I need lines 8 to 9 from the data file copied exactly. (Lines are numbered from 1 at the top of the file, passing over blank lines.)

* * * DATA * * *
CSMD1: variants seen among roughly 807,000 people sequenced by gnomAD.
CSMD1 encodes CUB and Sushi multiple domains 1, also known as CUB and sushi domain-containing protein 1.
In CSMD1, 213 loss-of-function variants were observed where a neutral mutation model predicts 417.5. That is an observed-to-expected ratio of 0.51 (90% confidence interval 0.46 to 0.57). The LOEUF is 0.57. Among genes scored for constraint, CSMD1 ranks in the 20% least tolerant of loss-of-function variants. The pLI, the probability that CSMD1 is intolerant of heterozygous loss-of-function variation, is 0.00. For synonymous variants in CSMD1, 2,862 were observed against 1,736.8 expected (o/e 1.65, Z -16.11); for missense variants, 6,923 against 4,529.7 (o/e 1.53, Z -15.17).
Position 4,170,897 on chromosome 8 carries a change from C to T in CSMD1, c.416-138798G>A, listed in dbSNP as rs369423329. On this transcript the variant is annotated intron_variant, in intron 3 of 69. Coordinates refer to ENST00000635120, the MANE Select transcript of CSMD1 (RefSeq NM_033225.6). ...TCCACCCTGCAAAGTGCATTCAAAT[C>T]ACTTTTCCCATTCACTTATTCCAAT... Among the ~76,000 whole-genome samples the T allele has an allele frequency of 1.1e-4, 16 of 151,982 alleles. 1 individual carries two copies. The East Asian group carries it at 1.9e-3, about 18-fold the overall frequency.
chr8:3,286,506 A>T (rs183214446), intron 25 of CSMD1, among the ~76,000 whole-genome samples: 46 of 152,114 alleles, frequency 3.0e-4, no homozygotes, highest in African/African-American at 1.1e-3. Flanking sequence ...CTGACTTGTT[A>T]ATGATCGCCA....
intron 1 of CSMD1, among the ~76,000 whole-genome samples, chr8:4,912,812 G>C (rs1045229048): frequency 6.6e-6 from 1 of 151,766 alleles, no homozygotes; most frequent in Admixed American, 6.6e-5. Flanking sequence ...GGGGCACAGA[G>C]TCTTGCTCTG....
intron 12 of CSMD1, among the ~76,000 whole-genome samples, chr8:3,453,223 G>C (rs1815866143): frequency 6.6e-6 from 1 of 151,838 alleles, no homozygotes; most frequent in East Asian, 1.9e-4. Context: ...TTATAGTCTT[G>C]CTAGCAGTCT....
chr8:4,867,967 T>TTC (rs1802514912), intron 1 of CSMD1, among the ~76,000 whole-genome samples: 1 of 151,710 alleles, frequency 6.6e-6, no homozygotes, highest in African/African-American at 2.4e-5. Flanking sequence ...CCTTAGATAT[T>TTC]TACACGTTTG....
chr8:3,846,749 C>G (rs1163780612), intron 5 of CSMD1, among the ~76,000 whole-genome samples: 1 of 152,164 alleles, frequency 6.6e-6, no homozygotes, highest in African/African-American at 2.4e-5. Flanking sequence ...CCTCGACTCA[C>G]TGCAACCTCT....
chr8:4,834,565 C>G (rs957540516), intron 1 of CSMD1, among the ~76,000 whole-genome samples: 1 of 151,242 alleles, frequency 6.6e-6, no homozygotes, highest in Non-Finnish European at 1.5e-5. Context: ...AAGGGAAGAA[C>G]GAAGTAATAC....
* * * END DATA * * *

chr8:4,867,967 T>TTC (rs1802514912), intron 1 of CSMD1, among the ~76,000 whole-genome samples: 1 of 151,710 alleles, frequency 6.6e-6, no homozygotes, highest in African/African-American at 2.4e-5. Flanking sequence ...CCTTAGATAT[T>TTC]TACACGTTTG....
chr8:3,846,749 C>G (rs1163780612), intron 5 of CSMD1, among the ~76,000 whole-genome samples: 1 of 152,164 alleles, frequency 6.6e-6, no homozygotes, highest in African/African-American at 2.4e-5. Flanking sequence ...CCTCGACTCA[C>G]TGCAACCTCT....